“Had I seen those two <bleep> guys, I would have taken my slippers and beaten them black and blue for doing this to you! Since you were a child, I’ve seen you grow in front of my eyes! Look how they’ve hurt you! I curse them! Oh how much badly did you suffer my child!” Govindamma held my face and did a small gesture symbolizing the removal of any evil eyes that were presumably cast on me! She had come yesterday evening on her usual rounds to give flowers.
Govindamma is our florist. She has been giving flowers to our house ever since I remember moving to Padmanabhanagar. She has indeed seen me grow from a lad of 14 years to the mammoth I am now! As she held her squinted eye brimming with tears, I could sense the unadulterated concern she had about my accident. I remember her suffering a fracture and how mom had helped her with some finances time and again. Even a couple of hundred rupees, given to her, would elicit long lasting gratitude. There have been countless evenings when she’d finish distributing flowers to all the houses and finally come to our house and spend some time with mom – exchanging stories (mainly complaining about her worthless son but loving daughter-in-law). Invariably mom would complain about how far strung the flowers are, and she’d fake an angry remark, saying, that she had preserved the best only for our house! I’d either be sitting near my mom or between them, playing with her huge round bamboo basket.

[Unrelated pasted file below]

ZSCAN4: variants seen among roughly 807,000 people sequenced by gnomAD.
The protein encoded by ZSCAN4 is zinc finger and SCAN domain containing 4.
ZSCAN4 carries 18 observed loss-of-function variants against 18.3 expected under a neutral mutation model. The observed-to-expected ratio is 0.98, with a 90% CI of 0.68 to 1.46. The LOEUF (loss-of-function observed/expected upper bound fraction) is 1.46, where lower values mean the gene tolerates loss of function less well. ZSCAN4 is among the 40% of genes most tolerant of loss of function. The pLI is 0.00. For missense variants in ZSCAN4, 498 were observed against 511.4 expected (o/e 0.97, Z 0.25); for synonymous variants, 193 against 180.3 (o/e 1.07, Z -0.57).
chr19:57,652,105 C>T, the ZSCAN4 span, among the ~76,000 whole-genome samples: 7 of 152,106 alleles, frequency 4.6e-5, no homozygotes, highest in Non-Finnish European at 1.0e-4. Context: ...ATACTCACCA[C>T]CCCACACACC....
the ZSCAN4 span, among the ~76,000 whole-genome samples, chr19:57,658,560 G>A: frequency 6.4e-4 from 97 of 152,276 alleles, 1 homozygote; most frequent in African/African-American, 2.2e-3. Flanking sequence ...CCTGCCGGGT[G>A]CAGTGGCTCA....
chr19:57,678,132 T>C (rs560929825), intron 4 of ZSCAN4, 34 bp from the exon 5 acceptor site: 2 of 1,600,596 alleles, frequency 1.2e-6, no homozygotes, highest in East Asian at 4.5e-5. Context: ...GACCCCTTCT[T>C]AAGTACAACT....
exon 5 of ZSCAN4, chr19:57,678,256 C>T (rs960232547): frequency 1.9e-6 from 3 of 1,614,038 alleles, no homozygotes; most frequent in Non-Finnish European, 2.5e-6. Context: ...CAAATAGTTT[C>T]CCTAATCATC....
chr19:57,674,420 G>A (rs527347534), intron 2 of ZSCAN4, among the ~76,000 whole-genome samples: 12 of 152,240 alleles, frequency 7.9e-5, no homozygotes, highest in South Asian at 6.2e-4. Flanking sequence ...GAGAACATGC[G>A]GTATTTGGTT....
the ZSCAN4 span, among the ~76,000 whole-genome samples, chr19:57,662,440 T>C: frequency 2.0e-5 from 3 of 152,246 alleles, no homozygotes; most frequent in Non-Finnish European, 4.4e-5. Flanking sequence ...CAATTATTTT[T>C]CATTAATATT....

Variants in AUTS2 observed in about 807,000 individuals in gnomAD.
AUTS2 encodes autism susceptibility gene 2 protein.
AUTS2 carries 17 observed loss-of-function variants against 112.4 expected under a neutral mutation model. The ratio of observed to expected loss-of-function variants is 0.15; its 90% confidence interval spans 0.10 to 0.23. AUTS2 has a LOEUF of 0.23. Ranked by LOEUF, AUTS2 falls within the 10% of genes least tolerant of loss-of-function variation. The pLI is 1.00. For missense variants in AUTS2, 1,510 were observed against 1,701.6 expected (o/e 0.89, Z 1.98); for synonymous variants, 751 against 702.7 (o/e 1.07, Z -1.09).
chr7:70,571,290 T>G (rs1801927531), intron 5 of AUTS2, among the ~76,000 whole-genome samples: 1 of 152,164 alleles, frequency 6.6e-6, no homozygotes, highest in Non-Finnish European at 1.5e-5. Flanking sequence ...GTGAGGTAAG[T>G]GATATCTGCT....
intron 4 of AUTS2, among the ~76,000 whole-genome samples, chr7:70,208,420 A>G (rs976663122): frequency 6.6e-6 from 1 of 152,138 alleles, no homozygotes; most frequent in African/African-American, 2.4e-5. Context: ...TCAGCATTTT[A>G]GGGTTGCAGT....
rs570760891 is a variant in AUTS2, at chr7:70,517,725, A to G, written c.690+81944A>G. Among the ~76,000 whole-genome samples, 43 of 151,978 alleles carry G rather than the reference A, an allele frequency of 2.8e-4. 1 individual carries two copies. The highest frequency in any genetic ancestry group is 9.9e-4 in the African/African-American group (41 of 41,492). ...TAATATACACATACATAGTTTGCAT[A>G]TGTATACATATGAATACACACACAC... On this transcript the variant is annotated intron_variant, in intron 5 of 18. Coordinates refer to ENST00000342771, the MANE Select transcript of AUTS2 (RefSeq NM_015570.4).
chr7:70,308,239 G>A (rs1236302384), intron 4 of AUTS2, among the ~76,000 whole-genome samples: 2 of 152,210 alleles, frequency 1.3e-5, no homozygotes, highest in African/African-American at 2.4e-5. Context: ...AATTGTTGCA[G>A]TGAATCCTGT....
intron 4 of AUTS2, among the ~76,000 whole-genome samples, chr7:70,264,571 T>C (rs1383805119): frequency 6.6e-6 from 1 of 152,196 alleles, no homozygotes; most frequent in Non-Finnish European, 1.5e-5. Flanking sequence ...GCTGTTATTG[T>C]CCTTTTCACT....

It seems to me that she had already reached her maximum age, and couldn’t get any older! Govindamma, has remained the same, perhaps a tad thinner now, but it seems as though her age has a pause button! She now brings the flowers in a plastic bag, instead of the huge basket. “I can’t carry it like I used to my boy!” she quips, if I ask about it. Apparently its been passed on to the third generation – her grandson uses it now! On the days that Govindamma doesn’t show up, its her grandson who delivers the flowers to us. Her grey hair is the only testimony for her age, for she doesn’t know how old she really is! I smiled at her concern, and gave her the money that was due. She received and asked mom if she needed flowers for the day – “It’s fresh jasmine and I’ve saved the best for you!” she yelled from the gate. Mom replied that she didn’t want it that day. “What a woman! It’s friday evening, ask her to wear the flowers! It’s always auspicious for a sumangali” she told me as she cut a length of the strung jasmine flowers and handed it to me. I asked how much it costs and she said, “I am giving it! It’s evening time, ask your mom to wear it! I don’t need money for this!’ and once again asking me to be careful she went her way.
When people talk about how the globalization kills the local vendors and brings in a destructive competition that the local vendors can’t match up to, I am always reminded of people like Govindamma. Her association with people wasn’t merely commercial. She went beyond and established a personal contact and relationship with her ‘clients’. Though it wasn’t about sharing personal issues or concerns, there was an inherent trust that was built and sustained through out. Govindamma may probably be amongst the few vendors who are not mere vendors but an aspect of a social relationship that is built in an economic environment that is governed by humane values instead of the monetary profits alone.